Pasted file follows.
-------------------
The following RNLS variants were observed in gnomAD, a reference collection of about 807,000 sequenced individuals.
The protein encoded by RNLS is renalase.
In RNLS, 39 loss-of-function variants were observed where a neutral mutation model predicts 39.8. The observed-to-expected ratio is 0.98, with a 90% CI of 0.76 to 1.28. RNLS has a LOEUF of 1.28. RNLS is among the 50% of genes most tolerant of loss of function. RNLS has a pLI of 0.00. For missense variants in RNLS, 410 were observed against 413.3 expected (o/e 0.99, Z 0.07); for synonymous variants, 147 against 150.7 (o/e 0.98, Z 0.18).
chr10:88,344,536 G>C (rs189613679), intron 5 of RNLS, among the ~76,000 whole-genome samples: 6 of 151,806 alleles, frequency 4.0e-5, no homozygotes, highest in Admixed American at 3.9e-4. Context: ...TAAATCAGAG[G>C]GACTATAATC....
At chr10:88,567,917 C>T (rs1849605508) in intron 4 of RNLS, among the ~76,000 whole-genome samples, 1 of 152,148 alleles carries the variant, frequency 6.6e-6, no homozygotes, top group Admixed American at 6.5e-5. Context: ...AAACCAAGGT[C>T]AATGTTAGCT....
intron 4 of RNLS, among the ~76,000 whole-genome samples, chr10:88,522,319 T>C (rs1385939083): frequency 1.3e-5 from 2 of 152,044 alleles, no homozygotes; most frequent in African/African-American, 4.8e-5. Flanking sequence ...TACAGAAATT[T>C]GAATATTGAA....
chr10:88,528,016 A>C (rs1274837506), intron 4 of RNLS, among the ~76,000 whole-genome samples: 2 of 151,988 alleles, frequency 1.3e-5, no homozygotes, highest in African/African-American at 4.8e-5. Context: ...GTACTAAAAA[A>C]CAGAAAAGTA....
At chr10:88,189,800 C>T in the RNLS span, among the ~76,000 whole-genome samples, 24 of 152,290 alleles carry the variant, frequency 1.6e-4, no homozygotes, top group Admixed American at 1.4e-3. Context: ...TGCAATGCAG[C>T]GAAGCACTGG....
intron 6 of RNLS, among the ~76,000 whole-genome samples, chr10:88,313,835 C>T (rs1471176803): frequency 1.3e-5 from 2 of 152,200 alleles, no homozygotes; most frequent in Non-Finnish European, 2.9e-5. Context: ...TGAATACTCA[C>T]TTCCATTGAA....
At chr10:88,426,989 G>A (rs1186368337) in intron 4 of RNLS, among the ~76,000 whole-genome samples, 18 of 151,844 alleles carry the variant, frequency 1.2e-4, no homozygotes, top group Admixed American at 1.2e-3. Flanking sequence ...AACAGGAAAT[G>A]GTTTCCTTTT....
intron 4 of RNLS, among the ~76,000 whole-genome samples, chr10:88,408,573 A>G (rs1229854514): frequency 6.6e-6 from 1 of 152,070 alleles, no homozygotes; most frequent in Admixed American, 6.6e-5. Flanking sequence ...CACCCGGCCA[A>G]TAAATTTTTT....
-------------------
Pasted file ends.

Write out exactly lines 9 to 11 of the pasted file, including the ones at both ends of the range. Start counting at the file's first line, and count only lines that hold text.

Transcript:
intron 6 of RNLS, among the ~76,000 whole-genome samples, chr10:88,313,835 C>T (rs1471176803): frequency 1.3e-5 from 2 of 152,200 alleles, no homozygotes; most frequent in Non-Finnish European, 2.9e-5. Context: ...TGAATACTCA[C>T]TTCCATTGAA....
At chr10:88,426,989 G>A (rs1186368337) in intron 4 of RNLS, among the ~76,000 whole-genome samples, 18 of 151,844 alleles carry the variant, frequency 1.2e-4, no homozygotes, top group Admixed American at 1.2e-3. Flanking sequence ...AACAGGAAAT[G>A]GTTTCCTTTT....
intron 4 of RNLS, among the ~76,000 whole-genome samples, chr10:88,408,573 A>G (rs1229854514): frequency 6.6e-6 from 1 of 152,070 alleles, no homozygotes; most frequent in Admixed American, 6.6e-5. Flanking sequence ...CACCCGGCCA[A>G]TAAATTTTTT....